Courtesy Gloria Fluxà Thienemann

Gloria Fluxà Thienemann is the vice-chairman and chief sustainability officer at Iberostar Group, which aims to be carbon neutral by 2030. The company, which owns more than 100 hotels in 18 countries, also prioritizes ocean health and waste reduction. In the first half of this year it cut food waste by 28%, representing more than 1,200 tons of carbon emissions. Iberostar Group is also partnering on coral reef research with Stanford University and the University of California, Santa Barbara, to boost ecosystem resilience.

What sustainability effort do you hope will gain popularity with the general public this year, and why?

As leaders in responsible tourism, it’s our duty to inspire and enable people with our actions. Travelers hold significant power in their hands—their choices can make a positive contribution and generate the systemic change that the travel and tourism sector requires. Our industry must embrace responsible business models at its core and, in turn, travelers will recognize those genuinely making a change. I consider it our duty to guide the empowerment of tourists and travelers to be part of the solution while crafting unforgettable experiences. I look forward to seeing greater adoption of conscientious travel choices as people become increasingly aware of the power we hold, together, to make a real difference.

Where should climate activism go in the next year?

The definition of activism must evolve. Activism should represent the pursuit of concrete and impactful change, building value while maintaining economic viability. It’s about being driven by a genuine passion to make a difference, devoid of hidden agendas, and using science and data as our guiding stars. Let’s remember that effective activism isn’t just about shouting from the heart; it’s built on partnership, and a sustainable, profitable perspective, among other key elements. By applying a holistic, forward-looking approach and working together with all stakeholders, we present a united effort to tackle climate change. We need to embark on this journey together—positively—and inspired by a unified purpose.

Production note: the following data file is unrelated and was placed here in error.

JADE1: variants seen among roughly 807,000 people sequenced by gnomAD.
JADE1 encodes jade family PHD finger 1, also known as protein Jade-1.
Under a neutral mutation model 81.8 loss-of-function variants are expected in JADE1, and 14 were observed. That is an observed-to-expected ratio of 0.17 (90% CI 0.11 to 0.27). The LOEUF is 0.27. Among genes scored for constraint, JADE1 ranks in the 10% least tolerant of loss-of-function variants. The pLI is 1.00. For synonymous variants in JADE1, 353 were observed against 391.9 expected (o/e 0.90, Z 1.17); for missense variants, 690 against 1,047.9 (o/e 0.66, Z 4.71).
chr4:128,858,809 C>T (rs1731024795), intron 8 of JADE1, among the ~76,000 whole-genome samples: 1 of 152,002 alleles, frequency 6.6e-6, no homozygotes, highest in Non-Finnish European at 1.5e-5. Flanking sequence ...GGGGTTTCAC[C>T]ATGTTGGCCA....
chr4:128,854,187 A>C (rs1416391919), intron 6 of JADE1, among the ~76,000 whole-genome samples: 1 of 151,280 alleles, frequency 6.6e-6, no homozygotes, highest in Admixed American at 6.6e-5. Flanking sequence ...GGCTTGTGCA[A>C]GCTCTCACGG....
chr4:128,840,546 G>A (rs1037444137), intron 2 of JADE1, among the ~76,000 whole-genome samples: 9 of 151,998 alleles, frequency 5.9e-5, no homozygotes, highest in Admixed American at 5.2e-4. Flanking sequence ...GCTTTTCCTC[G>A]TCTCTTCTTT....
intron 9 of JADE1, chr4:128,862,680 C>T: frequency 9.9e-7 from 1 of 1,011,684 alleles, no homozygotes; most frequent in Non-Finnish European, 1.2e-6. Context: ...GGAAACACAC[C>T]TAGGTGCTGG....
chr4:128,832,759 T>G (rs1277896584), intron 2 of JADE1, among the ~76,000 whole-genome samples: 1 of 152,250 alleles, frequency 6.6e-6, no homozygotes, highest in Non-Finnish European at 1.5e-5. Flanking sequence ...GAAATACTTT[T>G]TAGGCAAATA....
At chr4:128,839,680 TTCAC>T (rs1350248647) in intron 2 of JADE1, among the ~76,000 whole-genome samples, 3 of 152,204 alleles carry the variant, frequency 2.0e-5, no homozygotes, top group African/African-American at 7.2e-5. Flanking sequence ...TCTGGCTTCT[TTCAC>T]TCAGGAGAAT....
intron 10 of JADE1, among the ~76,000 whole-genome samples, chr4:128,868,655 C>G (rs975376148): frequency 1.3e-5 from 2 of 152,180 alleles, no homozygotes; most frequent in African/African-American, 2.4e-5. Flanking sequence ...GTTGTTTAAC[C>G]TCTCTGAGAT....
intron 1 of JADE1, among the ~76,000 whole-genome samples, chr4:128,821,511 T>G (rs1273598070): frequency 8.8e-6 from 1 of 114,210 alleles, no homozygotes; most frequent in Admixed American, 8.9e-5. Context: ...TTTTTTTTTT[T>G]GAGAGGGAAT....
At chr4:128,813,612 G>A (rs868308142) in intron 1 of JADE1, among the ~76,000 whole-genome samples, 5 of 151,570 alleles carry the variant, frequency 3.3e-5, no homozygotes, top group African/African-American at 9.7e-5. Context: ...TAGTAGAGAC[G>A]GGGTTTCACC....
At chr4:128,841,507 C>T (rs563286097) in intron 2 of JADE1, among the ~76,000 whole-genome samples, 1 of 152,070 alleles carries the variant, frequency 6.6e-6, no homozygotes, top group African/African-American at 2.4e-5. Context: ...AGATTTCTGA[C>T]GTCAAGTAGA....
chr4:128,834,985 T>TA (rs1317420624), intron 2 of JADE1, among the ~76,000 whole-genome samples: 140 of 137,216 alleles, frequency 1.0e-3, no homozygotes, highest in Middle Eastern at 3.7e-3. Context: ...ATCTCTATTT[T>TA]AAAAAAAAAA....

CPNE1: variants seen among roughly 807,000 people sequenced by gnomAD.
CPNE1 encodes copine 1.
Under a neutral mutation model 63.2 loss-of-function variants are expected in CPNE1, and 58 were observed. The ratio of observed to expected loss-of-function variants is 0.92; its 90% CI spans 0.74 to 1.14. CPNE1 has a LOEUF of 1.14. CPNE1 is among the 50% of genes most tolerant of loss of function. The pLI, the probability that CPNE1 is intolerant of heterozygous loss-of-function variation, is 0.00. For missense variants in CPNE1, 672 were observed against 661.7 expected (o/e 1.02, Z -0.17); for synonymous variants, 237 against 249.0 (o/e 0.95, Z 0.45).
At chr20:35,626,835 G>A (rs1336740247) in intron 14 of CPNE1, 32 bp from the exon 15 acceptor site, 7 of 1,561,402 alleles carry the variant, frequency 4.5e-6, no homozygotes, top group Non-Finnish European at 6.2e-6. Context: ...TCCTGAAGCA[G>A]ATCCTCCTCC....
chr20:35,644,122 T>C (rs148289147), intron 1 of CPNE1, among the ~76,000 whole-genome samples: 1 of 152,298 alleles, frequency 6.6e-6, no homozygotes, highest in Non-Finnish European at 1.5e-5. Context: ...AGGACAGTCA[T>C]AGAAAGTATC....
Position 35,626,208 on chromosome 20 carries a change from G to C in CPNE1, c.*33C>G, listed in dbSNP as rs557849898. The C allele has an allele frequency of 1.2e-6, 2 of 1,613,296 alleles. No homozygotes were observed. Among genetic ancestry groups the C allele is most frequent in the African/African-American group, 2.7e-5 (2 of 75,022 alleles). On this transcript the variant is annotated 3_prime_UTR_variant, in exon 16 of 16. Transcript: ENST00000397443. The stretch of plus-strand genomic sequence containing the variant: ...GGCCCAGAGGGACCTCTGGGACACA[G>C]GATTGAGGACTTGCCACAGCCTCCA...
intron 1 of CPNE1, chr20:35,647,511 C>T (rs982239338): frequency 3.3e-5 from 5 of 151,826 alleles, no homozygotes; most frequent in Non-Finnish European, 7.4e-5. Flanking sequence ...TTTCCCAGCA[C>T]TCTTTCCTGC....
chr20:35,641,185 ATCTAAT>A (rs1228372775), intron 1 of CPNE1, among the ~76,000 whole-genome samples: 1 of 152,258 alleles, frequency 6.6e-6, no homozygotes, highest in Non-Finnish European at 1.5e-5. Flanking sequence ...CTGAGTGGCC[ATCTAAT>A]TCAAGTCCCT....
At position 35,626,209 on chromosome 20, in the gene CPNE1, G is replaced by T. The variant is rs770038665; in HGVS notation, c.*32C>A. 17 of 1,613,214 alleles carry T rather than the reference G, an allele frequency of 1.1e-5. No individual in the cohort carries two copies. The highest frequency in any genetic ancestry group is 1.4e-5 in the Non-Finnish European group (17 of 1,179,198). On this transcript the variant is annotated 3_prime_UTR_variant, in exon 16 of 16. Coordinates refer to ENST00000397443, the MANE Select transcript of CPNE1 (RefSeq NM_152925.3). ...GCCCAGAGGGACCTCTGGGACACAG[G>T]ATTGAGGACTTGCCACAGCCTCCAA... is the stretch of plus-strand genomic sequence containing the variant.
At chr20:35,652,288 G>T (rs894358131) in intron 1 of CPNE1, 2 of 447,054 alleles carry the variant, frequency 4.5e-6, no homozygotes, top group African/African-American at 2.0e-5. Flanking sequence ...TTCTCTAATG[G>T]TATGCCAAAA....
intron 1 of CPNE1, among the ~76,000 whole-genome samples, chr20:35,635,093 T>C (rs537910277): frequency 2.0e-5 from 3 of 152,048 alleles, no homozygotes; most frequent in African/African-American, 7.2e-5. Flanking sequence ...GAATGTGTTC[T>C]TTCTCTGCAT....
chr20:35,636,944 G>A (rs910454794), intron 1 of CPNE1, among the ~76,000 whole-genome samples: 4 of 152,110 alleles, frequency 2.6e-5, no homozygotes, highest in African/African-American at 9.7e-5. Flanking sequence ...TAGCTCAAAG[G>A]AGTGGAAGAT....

What is a climate technology that isn’t getting the attention or funding it deserves?

Nature is the key to addressing numerous challenges and finding climate solutions. I strongly advocate for a shift in focus towards channeling increased investments directly into nature itself. It serves as a foundational resource, especially within our industry: providing nature-based solutions for us to utilize, fostering vital biodiversity, which we depend on, and offering essential ecosystem services that sustain our well-being and long-term future. In the long run, through observation and research, nature holds the promise of unlocking the solutions and technology requirements needed to succeed in this climate race.

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